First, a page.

Good Strategy and Bad Strategy (Part 1)11797 2019-06-14 20:30
A strategy is like designing and throwing a bunch of punching combos: where is the enemy? Where to punch? Where NOT to punch? How to punch? How does your first punch help the second and third ones?
The key idea of this book is the kernel of good strategy.
Kernel of strategy = diagnosis + guiding policy + coherent actions.
A good strategy is surprising but reasonable. For example, when Steve Jobs returned to Apple, he cut the product lines to a few profitable ones. When asked how to compete against the Wintel standard, he just smiled and said, “I am going to wait for the next big thing.”
Another example is Desert Storm. While the media exposure was focusing on the main troops moving slowly in the frontline, another group of military force was moving across the empty desert of southern Iraq as a “left hook.”
Doing everything and thinking everything is important means everything is equally unimportant. Good leaders are supposed to know what to do and what NOT to do.
When we ask what a strategy 101 is, a fundamental answer is SO strategy (Strength + Opportunity).
Shakespeare says in Helmet: there is nothing either good or bad, but thinking makes it so. From a dynamic perspective, strength and weakness are relative. The story of David and Goliath is a good example. People may think that David, the small and the inexperienced, can never fight against Goliath, the giant and the experienced. However, the truth is that David leverages the shepherd’s sling to beat the slow and clumsy Goliath.
Walmart vs. Kmart is another example of finding strength out of where people hardly see. The traditional wisdom of retailing believes that a full-category grocery store has to be placed in an area with the population of at least 100K. However, Walmart can launch its store where there is less population than 100k. How could this happen? It is because that Walmart has a way more efficient supply management system, which makes those stores into an organic network; on the contrary, Kmart does not have close relationships between stores, and they cannot get united, cannot lower inventory costs, and cannot negotiate against suppliers as a whole.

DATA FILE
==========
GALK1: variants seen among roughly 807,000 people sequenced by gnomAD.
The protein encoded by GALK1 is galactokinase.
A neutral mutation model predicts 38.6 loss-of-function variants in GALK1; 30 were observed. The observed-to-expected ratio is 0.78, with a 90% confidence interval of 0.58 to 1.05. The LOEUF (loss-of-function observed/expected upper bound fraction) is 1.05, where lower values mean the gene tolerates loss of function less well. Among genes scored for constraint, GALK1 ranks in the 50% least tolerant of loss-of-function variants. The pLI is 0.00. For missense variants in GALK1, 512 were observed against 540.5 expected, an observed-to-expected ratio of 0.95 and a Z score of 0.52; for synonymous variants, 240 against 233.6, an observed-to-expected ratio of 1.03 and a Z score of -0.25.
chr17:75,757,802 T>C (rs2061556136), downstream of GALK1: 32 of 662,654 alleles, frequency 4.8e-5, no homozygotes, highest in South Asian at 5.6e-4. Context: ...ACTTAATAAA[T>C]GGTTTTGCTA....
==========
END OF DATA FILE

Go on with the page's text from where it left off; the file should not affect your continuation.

In Cold War, Andrew Marshall designs the strategy to compete against the Soviet Union with comparative advantages - back by the economic and technological advantages of the US, developing things with huge costs but cannot establish actual offensive threats, like increasing the accuracy of missiles or quiet submarines.
Bad strategy is formalism. People mistakenly think the form of the strategy is the most important and cannot embrace the reality. There are four hallmarks to detect bad strategy.
fluff: strategy should not be just a collection of fancy buzzwords.
- e.g. a major bank says, “Our fundamental strategy is one of customer-centric intermediation.” = “Our bank’s fundamental strategy is being a bank.”.
failure to face the challenge:
- If you fail to identify and analyze the obstacles, you don’t have a strategy. Instead, you have either a stretch goal, a budget, or a list of things you wish would happen.
- It takes caution to establish =root-level metrics. If you can’t measure it; you can’t improve it. However, are you improving the right thing?
- OKR-driven Google vs. KPI-driven Baidu
- A successful example is DARPA.
mistaking goals for strategy.
- e.g., a 20/20 goal - We will grow revenue by at least 20% each year. We will maintain a profit margin of at least 20%.
- metrics themselves are not a strategy.
bad strategic objectives
- Objectives are sub-goals of your goal.
- A good strategy works by focusing energy and resources on one, or a very few, pivotal objectives whose accomplishment will lead to a cascade of favorable outcomes.
- What are bad objectives?
- Dog’s Dinner Objectives. Again, everything important equals to everything unimportant.
- Blue-Sky Objectives.
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